Of those, Lloyd-Jones said, "family history, if known and reliable, is certainly the easiest to consider in clinical practice. But the work group felt that the evidence was strongest for coronary artery calcification." Although CAC assessment entails "a quite modest degree of radiation exposure," he said, "information gleaned from it is actually the best marker we have to refine our risk-assessment approach in a meaningful way." The test could lead to withholding of treatment in someone who would otherwise be treated, or it could be the determining factor in deciding whether treatment is appropriate.
According to Dr Carl J Lavie (Ochsner Clinical School-University of Queensland School of Medicine, New Orleans, LA), who isn't connected with the guidelines, CAC scores have been helpful in his practice when used selectively. For example, he told heartwire in an email, even in a patient with very high total cholesterol or LDL cholesterol but without other CHD or stroke risk factors and perhaps with a protective high HDL cholesterol, he "would not treat with a statin if they were much over age 50, especially over age 60, and [had] a very low CAC score, especially zero. On the other hand, a patient with multiple risk factors and mildly abnormal lipids who is borderline for statin use can be convinced to take these agents when the CAC score is high or at least well above 0."
"A Step in the Right Direction"
"To keep things simple," Blumenthal observed, the equations don't account for family CVD history, triglycerides, waist circumference, body-mass index (BMI), lifestyle habits, and past smoking history. While the new ASCVD score has evolved to look more widely at events due to atherosclerosis, not just heart attacks, he said, "the inputs to create the score are limited."
Lavie agreed that "it makes sense to factor in family history, as most clinicians have been doing anyway." But he said he would put even more weight on ankle-brachial index as a marker of peripheral vascular disease and especially on CAC scores.
Still, "the new guidelines are a step in the right direction."
Also interviewed by email, Dr JoAnn E Manson (Brigham and Women's Hospital, Boston, MA) agreed that "the new guidelines for assessing cardiovascular risk are a major step forward in identifying patients most likely to benefit from pharmacologic interventions and avoiding 'overtreatment' of patients least likely to benefit."
The guidelines "will substantially improve clinical decision making, especially for women and racial/ethnic-minority groups who were not well served by the previous risk-assessment tools." She said she's "particularly excited" about the increased focus on lifetime risk. "We know that regular physical activity, healthy dietary patterns, and other behavioral factors have a profound impact on prevention of heart disease and stroke, especially when started early in life."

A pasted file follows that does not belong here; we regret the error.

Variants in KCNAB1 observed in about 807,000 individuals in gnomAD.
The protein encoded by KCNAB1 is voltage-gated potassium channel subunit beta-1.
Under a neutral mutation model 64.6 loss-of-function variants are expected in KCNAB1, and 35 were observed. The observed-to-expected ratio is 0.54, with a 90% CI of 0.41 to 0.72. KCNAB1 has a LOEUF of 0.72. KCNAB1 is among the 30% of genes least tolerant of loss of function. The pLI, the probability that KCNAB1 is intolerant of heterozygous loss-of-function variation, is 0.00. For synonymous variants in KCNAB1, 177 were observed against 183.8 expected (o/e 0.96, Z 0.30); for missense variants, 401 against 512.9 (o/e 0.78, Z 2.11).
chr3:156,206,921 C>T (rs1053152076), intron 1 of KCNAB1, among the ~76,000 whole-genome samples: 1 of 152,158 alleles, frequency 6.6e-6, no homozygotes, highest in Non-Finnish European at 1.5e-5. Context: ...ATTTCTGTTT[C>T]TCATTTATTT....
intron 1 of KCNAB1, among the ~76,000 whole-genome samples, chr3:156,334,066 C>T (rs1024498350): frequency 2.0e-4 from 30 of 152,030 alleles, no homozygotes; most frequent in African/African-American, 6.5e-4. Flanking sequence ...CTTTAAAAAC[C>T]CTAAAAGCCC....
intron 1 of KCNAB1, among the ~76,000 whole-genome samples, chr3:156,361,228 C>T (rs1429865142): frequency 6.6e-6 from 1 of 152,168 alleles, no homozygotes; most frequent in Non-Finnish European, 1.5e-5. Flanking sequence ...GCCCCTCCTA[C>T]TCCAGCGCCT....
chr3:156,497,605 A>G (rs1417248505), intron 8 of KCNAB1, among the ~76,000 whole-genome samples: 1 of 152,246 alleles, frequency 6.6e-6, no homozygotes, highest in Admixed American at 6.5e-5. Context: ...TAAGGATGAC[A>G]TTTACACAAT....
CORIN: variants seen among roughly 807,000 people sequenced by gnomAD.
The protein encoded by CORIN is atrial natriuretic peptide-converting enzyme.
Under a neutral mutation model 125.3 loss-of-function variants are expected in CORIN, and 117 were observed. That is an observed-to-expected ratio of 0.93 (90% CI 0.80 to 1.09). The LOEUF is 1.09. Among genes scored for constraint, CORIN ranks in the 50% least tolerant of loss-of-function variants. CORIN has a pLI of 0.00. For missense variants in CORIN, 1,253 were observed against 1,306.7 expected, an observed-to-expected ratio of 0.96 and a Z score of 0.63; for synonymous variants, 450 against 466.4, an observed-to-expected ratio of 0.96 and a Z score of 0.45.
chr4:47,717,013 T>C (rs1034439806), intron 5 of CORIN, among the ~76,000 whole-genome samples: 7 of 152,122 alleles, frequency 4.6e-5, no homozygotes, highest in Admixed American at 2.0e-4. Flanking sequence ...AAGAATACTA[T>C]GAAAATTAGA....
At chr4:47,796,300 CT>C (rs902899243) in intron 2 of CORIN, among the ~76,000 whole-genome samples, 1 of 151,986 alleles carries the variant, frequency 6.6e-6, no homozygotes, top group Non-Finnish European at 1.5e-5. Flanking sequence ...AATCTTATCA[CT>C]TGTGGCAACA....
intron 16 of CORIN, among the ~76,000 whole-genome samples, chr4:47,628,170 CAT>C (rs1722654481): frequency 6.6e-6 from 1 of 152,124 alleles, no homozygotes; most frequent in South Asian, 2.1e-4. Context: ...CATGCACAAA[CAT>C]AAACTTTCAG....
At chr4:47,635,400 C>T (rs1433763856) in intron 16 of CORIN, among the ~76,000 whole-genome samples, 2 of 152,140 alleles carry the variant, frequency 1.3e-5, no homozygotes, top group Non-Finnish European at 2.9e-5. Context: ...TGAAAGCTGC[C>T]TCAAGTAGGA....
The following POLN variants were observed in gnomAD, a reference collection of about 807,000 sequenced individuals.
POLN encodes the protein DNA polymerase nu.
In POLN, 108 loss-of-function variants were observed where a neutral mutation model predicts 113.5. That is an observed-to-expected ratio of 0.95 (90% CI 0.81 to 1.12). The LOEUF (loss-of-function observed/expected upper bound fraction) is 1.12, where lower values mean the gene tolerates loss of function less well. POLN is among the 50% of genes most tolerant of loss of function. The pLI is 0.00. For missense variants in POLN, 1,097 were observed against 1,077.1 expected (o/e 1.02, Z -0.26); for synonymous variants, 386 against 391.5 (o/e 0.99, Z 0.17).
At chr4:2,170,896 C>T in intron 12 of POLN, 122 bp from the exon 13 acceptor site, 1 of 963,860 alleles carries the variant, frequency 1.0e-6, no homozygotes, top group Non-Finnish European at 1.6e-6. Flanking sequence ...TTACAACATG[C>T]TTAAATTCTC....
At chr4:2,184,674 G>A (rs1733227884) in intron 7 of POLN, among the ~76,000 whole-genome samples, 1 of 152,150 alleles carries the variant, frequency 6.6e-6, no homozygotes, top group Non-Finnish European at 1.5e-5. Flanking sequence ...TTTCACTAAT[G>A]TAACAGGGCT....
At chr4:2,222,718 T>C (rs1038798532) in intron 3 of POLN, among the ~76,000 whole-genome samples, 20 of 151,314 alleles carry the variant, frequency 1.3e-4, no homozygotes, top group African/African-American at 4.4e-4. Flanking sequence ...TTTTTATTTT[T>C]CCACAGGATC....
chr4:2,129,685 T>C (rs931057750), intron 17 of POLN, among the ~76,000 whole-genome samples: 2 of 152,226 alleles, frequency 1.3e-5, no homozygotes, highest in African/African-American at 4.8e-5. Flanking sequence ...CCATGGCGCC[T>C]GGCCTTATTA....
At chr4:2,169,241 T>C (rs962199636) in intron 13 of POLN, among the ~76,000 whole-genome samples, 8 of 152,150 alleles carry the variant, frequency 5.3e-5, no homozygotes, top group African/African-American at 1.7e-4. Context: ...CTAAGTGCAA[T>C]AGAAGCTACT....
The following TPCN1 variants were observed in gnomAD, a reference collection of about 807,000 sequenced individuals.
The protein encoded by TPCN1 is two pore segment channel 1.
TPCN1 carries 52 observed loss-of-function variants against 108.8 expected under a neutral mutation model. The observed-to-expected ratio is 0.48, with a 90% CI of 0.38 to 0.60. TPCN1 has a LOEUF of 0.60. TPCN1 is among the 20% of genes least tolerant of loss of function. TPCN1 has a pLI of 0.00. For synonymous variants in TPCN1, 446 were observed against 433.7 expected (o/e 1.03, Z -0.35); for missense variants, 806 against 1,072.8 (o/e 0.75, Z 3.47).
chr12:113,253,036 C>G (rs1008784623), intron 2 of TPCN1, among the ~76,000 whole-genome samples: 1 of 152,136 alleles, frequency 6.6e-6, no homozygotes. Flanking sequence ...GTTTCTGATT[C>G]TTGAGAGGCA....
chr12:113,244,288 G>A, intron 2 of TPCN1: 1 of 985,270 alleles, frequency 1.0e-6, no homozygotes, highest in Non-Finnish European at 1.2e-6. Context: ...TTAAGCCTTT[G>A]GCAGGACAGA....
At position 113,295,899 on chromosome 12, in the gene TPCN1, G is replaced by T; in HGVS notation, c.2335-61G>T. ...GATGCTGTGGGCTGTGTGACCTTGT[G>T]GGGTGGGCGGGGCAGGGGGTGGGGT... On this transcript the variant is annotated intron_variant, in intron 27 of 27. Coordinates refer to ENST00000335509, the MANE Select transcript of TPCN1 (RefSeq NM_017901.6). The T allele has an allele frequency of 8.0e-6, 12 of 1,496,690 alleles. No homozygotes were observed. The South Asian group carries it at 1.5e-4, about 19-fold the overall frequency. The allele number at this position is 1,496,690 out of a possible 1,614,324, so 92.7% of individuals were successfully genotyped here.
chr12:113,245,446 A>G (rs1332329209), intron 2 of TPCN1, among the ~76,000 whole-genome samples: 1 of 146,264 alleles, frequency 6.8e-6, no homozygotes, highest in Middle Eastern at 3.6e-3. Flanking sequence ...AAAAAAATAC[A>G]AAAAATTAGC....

Statins and Risk Status
In the risk-assessment document, "I think the area where most clinicians will struggle is whether you really need to treat individuals with a normal or seemingly optimal lipid profile with a statin just because the ASCVD risk score is greater than 7.5%," Blumenthal said. The new guidelines on cholesterol therapy call for consideration of statin therapy when an individual's 10-year risk of an ASCVD event reaches >7.5%.
"The way that most people will cross the 7.5% threshold is on the basis of chronologic age and mild elevations in their blood pressure or simply being on an antihypertensive agent. The current guidelines recommend statin treatment of what could be excellent lipid values simply because of age, blood-pressure values, and smoking status rather than a true dyslipidemia."
Blumenthal said he believes clinicians "will likely want to consider coronary calcium, hs-CRP, carotid intima-media thickness [IMT] done by a skilled technologist—even though the guidelines did not recommend it for routine use—or the presence of a family history of premature CVD to decide whether long-term statin use is truly indicated."
In fact, the guidelines specifically recommend against incorporating carotid ultrasound IMT measurements into risk prediction, according to Lloyd-Jones. Its success is heavily dependent on operator and reader skill and experience, such that the potential for error can outweigh its prediction value.
The guidelines document says it is endorsed by the American Association of Cardiovascular and Pulmonary Rehabilitation, American Society for Preventive Cardiology, American Society of Hypertension, Association of Black Cardiologists, National Lipid Association, Preventive Cardiovascular Nurses Association, and WomenHeart: The National Coalition for Women with Heart Disease.
Lloyd-Jones reports no conflicts of interest. Disclosures for the coauthors are listed in the paper. Blumenthal reports no conflicts of interest. Lavie discloses that he's "served as a speaker and consultant for many companies that have lipid medications." Manson said she has no financial disclosures.
Heartwire from Medscape © 2013
Cite this: New CV Risk-Assessment Guidance Counts Stroke With CHD Risk - Medscape - Nov 12, 2013.